Negative attitudes towards Islam on the rise in Europe
A recent study in Europe found that half of Europeans now believe Islam is a religion of intolerance (see story below).
This is revealing, because for decades European countries and Great Britain have bent over backwards to accommodate Muslim immigrants and increasingly unreasonable demands from Islamic leaders and organizations.
Pushback by Europeans has resulted in the Swiss passage of a referendum banning the construction of minarets and the growing strength of Geert Wilders’ political party in the Netherlands.
It appears that, as more and more Europeans have seen the intolerance of radical Islam, they are understandably reacting negatively to that intolerance.
This is what leaders like German Chancellor Angela Merkel and British Prime Minister David Cameron were referring to last year when they said, speaking of Muslim immigration, that “multiculturalism” had failed. Cameron went so far as to say it was time to stop being tolerant of intolerance.
The same trend is happening in America, with polls showing negative attitudes towards Islam on the rise. From the Ground Zero Mosque controversy to the rise of homegrown terrorism, Americans are waking up to the threat of radical Islam.
Groups like CAIR and ISNA will continue to claim this is all about worldwide Islamophobia. They claim that people have negative views of Islam because they aren’t exposed to “genuine” Islam.
But the mounting evidence argues that the more people in the West are exposed to Islam, the less they like what they see. Reformist Muslim Tawfik Hamid is correct—it’s time for the Muslim world to stop pointing fingers of blame at the West and start examining itself.
EU: Half of Europeans say Islam is a religion of intolerance
The Friedrich-Ebert-Foundation published a study on intolerance and prejudice in Europe. The study "Intolerance, Prejudice and Discrimination" is available in German and English. I bring below the section relating to Muslims.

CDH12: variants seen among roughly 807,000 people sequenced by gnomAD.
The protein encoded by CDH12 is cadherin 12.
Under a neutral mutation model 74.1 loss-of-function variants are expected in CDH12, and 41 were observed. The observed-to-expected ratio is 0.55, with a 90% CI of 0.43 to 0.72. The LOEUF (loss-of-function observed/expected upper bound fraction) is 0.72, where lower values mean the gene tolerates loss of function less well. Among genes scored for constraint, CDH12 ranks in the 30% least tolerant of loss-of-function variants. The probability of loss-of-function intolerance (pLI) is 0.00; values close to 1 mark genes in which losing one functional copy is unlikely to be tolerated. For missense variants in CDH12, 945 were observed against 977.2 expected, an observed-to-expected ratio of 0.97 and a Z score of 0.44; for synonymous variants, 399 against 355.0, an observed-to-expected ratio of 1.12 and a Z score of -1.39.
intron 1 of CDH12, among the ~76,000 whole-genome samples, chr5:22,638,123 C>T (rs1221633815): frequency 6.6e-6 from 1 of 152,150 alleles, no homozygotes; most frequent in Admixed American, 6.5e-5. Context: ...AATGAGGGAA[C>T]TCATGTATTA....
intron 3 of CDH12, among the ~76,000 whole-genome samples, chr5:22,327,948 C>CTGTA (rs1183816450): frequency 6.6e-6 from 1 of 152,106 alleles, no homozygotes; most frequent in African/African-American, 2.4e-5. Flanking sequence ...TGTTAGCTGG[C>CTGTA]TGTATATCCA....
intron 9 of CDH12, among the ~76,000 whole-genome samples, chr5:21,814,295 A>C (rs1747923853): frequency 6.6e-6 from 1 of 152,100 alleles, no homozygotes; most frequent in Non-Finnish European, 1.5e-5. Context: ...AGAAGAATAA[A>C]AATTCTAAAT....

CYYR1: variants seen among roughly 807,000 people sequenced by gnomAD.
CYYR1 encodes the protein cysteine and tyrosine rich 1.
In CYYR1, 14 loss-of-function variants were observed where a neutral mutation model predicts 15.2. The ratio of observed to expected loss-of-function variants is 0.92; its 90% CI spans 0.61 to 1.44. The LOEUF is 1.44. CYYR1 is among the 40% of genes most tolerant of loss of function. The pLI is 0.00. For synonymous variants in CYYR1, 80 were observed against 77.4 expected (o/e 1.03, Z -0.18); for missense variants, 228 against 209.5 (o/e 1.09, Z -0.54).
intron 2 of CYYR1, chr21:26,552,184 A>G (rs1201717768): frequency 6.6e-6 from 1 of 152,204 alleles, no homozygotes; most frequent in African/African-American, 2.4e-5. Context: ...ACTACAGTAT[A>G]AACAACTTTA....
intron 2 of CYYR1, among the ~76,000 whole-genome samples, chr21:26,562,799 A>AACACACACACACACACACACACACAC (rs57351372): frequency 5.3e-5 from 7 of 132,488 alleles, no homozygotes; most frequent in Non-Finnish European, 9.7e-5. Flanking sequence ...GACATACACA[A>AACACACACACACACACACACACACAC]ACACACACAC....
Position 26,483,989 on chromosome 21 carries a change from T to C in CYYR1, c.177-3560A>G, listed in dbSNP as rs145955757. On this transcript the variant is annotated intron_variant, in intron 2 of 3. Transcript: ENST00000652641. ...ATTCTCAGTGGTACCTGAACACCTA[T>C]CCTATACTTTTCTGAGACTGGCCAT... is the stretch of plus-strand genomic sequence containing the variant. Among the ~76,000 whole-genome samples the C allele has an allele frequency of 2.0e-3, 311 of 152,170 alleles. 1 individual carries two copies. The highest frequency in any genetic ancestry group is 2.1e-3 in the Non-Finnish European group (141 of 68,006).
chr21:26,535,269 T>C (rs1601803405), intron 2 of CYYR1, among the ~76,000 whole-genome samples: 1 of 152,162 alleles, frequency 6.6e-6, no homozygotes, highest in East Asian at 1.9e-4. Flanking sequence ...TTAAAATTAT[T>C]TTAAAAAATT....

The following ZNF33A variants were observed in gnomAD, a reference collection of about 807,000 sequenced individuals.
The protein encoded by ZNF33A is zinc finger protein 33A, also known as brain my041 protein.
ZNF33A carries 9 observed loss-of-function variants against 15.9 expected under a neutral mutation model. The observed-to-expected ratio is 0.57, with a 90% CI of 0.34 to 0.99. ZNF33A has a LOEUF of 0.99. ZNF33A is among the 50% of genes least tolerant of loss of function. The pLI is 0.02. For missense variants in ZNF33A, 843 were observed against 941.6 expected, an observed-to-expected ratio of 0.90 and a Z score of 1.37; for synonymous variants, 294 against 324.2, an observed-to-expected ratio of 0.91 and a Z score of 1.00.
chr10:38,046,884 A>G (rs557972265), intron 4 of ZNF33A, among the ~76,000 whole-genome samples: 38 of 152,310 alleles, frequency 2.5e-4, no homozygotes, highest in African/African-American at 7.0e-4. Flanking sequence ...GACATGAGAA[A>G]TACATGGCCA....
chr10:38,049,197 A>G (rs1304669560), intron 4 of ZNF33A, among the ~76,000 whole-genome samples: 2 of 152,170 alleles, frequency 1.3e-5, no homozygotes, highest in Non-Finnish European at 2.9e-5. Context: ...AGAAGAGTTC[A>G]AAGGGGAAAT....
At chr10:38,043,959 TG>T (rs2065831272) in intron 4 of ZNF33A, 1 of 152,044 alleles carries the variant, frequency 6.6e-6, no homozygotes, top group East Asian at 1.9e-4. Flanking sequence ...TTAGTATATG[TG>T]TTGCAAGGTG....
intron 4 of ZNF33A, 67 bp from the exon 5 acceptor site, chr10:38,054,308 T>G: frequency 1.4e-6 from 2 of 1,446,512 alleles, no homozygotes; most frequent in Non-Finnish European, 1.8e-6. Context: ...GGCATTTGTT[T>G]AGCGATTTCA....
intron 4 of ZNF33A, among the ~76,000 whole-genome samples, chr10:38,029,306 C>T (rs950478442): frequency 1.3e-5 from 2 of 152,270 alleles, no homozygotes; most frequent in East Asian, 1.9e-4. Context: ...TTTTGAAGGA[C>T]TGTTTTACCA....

After statistical testing, three statements were used to produce the anti-Muslim attitudes mean scale (Table 7, items 18 to 20). These cover the general impression that there are too many Muslims in the country, the charge that Muslims make too many demands, and broad-brush criticism of Islam as a religion of intolerance. Four further statements were surveyed in a random half of the sample. These cover a positive attitude that sees Muslims as an enrichment and the idea that there are great cultural differences between the majority society and Muslims, especially concerning attitudes towards women. We also surveyed the idea that Muslims generally support and condone terrorism.
In most of the countries a majority believe Islam to be a religion of intolerance, with agreement just below 50 percent only in Great Britain and the Netherlands. In almost all the countries more than half of respondents said that Muslims make too many demands; Portugal was the only exception with about one third. The statement that there are too many Muslims in the country is affirmed by just over one quarter in Portugal and by about one third in France. In Germany, Great Britain, Italy and the Netherlands more than 40 percent of respondents complain that there are too many Muslims in their country, in Hungary about 60 percent.
Interviewees were also asked to respond to four further statements covering perceived cultural differences and supposed affinity of Muslims toward terrorism (Table 7, items 22 to 25). Despite correlating closely with anti-Muslim attitudes these items represent separate constructs and were therefore excluded from the scale measure.
The figures for those who say that Muslim culture is compatible with their own range from 17 percent in Poland and 19 percent in Germany to about half the population in Portugal and France. A majority of more than 70 percent of European respondents find that Muslim attitudes towards women are incompatible with their own values. Overall in the surveyed countries about one third think that Muslims treat Islamist terrorists as heroes, although somewhat fewer believe that terrorism finds moral support in the Muslim community (ranging from under 20 percent in Germany and the Netherlands to nearly 30 percent in Hungary).
The scale created from the first three statements clearly illustrates the extent of anti-Muslim attitudes in the studied countries (Figure 5). It is conspicuous that Europeans are largely united in their rejection of Muslims and Islam. The significantly most widespread anti-Muslim attitudes are found in Germany, Hungary, Italy and Poland, closely followed by France, Great Britain and the Netherlands. The extent of anti-Muslim attitudes is least in Portugal. In absolute terms, however, the eight countries differ little in their levels of prejudice towards Muslims.